Riding a road bike is like flying — when you consider that your only contact with the ground is two, 1-inch patches. Commonly hitting speeds of 30-40 mph or more, bike tires are the most critical link to safety, and you bet your life on them. As lightweight and minimal as they are, they’re incredibly reliable if proper care is observed.
Generally Speaking, expect 1000-2000 miles from the average road bike tire. Touring or puncture resistant tires often last 3,000 miles or more. High-performance racing tires, with their lightweight, minimalist design, may only last 1,000 miles.
Tire manufacture’s don’t typically state how long their tires will last, because they have no control over variables that effect the tires performance, primarily, how you treat the tire. The life expectancy of the tire is your responsibility.
Tread wear on passenger vehicles can be determined at a glance, by an examination of the tread. Tread wear on bike tires is not relative in most instances, since most of them have little tread in the first place, which is typically replaced with a layer known as the contact patch. But there are other subtle indicators that your tire may or may not be worn out.
Obvious indicators are cuts, missing chunks and flat spots. Tires accumulate these randomly, depending on road conditions, and depending on how bad they are, are reason enough to replace the tire. The choice is up to the individual. Bulges or a tire that snakes back and forth when you spin it by hand is a dangerous tire. The snaking action is from separated threads inside the tire, and is a sure sign the tire will fail. Replace it as soon as possible.
If you can see the carcass thread — the criss-cross or diagonal pattern under the rubber, also known as the protection belt, the tire is well on it’s way to failure. Hopefully, you’ve changed it before it gets that bad. It’s not an imminent failure, but it’s best to err on the side of caution and replace it as soon as you can. If you don’t see carcass thread on the tread surface or contact patch, check the sidewall.
The sidewall of the tire, or flank, is a better indicator of tire wear when the tread surface appears fine. The sidewall is thinner, and even if your tire isn’t that old, or doesn’t have that many miles on it, you might be seeing threads, or cracks if the tire has been neglected.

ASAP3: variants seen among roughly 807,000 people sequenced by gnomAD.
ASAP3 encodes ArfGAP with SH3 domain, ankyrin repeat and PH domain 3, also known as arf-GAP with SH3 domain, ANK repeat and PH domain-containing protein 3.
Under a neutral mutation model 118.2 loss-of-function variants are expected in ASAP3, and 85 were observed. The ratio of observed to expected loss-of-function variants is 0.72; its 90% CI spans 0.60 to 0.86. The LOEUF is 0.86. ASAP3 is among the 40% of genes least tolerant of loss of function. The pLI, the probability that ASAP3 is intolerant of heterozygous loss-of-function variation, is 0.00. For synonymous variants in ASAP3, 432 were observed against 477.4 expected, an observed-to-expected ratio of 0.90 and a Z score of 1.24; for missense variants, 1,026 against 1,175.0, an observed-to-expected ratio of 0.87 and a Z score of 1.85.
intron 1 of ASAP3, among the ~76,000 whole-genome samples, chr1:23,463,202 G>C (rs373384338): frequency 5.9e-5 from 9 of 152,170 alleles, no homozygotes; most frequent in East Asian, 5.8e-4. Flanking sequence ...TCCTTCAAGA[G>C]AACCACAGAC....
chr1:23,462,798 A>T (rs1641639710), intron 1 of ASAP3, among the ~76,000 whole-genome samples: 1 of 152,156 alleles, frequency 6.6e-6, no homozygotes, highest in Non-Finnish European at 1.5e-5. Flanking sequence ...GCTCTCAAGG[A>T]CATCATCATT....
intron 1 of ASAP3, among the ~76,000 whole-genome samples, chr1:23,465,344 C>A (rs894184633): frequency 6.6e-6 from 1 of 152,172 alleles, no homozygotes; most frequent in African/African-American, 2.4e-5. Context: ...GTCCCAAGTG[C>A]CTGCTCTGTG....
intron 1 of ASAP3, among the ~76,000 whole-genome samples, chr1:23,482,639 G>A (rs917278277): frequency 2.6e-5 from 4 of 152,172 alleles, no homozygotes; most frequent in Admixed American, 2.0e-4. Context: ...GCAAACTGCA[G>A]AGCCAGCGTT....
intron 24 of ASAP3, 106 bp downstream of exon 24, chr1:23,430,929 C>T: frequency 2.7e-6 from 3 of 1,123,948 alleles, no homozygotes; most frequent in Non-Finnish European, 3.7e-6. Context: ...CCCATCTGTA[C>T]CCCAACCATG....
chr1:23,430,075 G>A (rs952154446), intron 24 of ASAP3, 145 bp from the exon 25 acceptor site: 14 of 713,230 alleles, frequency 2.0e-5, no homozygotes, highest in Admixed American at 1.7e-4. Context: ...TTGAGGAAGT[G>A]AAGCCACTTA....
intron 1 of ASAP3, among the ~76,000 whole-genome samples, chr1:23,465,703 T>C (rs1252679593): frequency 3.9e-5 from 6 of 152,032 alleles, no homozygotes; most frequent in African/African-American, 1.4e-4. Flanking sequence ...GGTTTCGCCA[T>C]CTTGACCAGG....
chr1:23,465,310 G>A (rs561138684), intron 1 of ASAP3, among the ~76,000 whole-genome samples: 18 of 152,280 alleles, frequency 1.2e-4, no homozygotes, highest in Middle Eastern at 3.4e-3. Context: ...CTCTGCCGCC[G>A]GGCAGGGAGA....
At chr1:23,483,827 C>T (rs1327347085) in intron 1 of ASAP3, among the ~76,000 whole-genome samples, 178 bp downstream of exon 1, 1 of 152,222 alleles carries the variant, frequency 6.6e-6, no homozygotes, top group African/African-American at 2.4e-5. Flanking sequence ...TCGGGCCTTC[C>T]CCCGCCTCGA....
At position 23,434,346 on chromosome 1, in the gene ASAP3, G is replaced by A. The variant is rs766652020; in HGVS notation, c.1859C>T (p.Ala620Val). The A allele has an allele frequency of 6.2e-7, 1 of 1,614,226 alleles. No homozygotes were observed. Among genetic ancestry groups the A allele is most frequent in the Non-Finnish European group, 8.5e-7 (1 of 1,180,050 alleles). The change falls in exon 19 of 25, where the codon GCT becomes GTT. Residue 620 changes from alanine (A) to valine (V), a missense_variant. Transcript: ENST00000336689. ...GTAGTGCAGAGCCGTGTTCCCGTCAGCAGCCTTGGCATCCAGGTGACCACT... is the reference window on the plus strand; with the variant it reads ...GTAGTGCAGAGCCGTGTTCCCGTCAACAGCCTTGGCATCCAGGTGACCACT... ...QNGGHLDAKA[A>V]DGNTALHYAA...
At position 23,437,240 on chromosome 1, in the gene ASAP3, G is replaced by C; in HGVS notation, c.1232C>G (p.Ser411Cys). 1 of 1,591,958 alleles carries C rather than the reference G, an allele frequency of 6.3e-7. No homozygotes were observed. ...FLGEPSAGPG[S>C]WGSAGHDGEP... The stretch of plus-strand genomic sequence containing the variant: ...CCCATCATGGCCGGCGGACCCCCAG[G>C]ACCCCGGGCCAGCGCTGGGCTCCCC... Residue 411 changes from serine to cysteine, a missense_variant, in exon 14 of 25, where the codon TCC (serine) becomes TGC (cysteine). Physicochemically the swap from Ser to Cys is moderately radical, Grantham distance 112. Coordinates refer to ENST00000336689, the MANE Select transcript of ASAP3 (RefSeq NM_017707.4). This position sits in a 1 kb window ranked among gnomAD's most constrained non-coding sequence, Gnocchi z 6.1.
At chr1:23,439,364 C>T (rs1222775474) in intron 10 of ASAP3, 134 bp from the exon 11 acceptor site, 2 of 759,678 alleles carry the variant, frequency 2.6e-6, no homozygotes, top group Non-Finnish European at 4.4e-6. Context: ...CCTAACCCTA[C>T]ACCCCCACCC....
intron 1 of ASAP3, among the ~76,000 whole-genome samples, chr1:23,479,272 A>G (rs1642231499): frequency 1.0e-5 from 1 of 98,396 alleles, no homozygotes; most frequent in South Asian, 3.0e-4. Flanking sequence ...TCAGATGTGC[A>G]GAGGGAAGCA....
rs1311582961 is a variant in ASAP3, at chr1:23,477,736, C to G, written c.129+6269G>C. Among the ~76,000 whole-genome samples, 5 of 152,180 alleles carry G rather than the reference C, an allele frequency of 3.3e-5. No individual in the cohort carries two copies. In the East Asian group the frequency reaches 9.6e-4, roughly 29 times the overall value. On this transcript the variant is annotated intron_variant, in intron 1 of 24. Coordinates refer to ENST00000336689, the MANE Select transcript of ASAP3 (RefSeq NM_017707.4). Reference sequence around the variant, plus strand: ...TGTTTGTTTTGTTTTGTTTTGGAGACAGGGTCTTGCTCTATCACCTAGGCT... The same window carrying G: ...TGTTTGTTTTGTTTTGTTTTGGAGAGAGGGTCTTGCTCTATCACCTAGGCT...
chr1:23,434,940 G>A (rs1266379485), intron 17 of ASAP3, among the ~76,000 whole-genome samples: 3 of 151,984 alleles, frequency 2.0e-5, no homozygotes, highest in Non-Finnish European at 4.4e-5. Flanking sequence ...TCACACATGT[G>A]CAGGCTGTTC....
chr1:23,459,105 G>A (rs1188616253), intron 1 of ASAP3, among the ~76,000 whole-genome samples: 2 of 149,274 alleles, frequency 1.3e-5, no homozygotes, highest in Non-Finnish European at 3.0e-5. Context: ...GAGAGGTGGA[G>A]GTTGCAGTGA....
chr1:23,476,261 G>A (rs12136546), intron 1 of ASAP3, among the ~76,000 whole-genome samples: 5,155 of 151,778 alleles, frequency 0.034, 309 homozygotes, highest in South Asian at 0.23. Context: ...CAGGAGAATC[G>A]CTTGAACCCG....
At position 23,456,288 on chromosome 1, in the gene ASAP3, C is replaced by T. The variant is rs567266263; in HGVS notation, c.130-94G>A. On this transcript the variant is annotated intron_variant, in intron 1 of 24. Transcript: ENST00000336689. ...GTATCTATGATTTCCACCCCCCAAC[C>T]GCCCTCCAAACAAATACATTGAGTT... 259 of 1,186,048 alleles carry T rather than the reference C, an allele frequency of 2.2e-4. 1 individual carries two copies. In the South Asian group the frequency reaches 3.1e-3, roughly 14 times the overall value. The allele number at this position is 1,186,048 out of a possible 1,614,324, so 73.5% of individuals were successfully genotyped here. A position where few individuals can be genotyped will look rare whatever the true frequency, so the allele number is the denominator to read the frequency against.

Neglect and Pressure
So you’ve calculated the miles, the contact patch and tread surface appears fine, but you’re still not out of the woods concerning life expectancy. Unfortunately, many tires do not reach their possible mileage because they are continually used with insufficient pressure. Premature tire wear occurs with prolonged use of the tire with insufficient pressure. When you run tires below their recommended pressure, the thin sidewall looses rigidity, and bends.
Most serious cyclists don’t run faulty tires, but if you’re examining a used bike for example, you can look at a tire, and determine how it’s been treated by inspecting the cracks in the sidewall. Long cracks along the top of the tire mean that the tire has been run excessively with low pressure.
Evenly distributed cracks are not as serious. Age cracks mean that the tire has been taken care of, and may still have some miles in it. But seriously, if you can see cracks the tire should be replaced if you’re planning on doing any 30-40 mph downhill.
Check and Adjust
Check and adjust the inflation pressure each time you ride, — with a pressure gauge — to get the most out of your tires. Refer to the printed recommendations on the sidewall of the tire for the correct pressure or find your ideal tire pressure here.